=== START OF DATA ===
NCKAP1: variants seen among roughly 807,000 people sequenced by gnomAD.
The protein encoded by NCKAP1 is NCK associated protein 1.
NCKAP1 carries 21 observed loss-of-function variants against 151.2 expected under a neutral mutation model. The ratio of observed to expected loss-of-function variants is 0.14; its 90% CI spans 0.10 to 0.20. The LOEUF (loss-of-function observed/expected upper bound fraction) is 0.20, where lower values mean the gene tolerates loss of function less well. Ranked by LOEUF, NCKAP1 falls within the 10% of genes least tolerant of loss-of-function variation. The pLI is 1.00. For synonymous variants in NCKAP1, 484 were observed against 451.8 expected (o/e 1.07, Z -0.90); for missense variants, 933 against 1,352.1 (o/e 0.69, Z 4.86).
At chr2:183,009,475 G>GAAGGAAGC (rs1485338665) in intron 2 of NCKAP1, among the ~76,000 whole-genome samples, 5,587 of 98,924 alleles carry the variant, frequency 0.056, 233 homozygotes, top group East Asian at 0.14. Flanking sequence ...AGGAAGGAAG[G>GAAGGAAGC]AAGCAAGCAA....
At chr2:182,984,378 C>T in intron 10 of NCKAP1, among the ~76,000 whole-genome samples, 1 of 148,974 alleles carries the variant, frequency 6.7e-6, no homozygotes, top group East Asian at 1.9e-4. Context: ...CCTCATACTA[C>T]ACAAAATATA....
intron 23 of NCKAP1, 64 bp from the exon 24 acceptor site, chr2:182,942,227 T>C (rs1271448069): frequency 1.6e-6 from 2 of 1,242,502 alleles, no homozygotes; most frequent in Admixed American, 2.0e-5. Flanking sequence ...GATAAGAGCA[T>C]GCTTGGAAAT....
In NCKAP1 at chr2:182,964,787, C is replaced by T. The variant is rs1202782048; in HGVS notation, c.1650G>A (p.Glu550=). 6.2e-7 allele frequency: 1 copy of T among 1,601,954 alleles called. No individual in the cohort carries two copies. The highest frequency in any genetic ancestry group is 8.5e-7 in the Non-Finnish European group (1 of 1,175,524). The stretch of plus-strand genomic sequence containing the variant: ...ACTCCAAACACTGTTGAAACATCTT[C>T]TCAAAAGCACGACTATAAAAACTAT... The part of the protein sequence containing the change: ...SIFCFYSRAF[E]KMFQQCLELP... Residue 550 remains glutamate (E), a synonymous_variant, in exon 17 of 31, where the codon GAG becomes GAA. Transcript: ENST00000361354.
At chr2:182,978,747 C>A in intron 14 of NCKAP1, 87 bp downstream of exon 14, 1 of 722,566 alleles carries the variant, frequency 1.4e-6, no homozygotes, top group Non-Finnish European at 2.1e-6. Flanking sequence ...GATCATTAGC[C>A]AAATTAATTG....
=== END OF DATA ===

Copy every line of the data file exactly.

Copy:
NCKAP1: variants seen among roughly 807,000 people sequenced by gnomAD.
The protein encoded by NCKAP1 is NCK associated protein 1.
NCKAP1 carries 21 observed loss-of-function variants against 151.2 expected under a neutral mutation model. The ratio of observed to expected loss-of-function variants is 0.14; its 90% CI spans 0.10 to 0.20. The LOEUF (loss-of-function observed/expected upper bound fraction) is 0.20, where lower values mean the gene tolerates loss of function less well. Ranked by LOEUF, NCKAP1 falls within the 10% of genes least tolerant of loss-of-function variation. The pLI is 1.00. For synonymous variants in NCKAP1, 484 were observed against 451.8 expected (o/e 1.07, Z -0.90); for missense variants, 933 against 1,352.1 (o/e 0.69, Z 4.86).
At chr2:183,009,475 G>GAAGGAAGC (rs1485338665) in intron 2 of NCKAP1, among the ~76,000 whole-genome samples, 5,587 of 98,924 alleles carry the variant, frequency 0.056, 233 homozygotes, top group East Asian at 0.14. Flanking sequence ...AGGAAGGAAG[G>GAAGGAAGC]AAGCAAGCAA....
At chr2:182,984,378 C>T in intron 10 of NCKAP1, among the ~76,000 whole-genome samples, 1 of 148,974 alleles carries the variant, frequency 6.7e-6, no homozygotes, top group East Asian at 1.9e-4. Context: ...CCTCATACTA[C>T]ACAAAATATA....
intron 23 of NCKAP1, 64 bp from the exon 24 acceptor site, chr2:182,942,227 T>C (rs1271448069): frequency 1.6e-6 from 2 of 1,242,502 alleles, no homozygotes; most frequent in Admixed American, 2.0e-5. Flanking sequence ...GATAAGAGCA[T>C]GCTTGGAAAT....
In NCKAP1 at chr2:182,964,787, C is replaced by T. The variant is rs1202782048; in HGVS notation, c.1650G>A (p.Glu550=). 6.2e-7 allele frequency: 1 copy of T among 1,601,954 alleles called. No individual in the cohort carries two copies. The highest frequency in any genetic ancestry group is 8.5e-7 in the Non-Finnish European group (1 of 1,175,524). The stretch of plus-strand genomic sequence containing the variant: ...ACTCCAAACACTGTTGAAACATCTT[C>T]TCAAAAGCACGACTATAAAAACTAT... The part of the protein sequence containing the change: ...SIFCFYSRAF[E]KMFQQCLELP... Residue 550 remains glutamate (E), a synonymous_variant, in exon 17 of 31, where the codon GAG becomes GAA. Transcript: ENST00000361354.
At chr2:182,978,747 C>A in intron 14 of NCKAP1, 87 bp downstream of exon 14, 1 of 722,566 alleles carries the variant, frequency 1.4e-6, no homozygotes, top group Non-Finnish European at 2.1e-6. Flanking sequence ...GATCATTAGC[C>A]AAATTAATTG....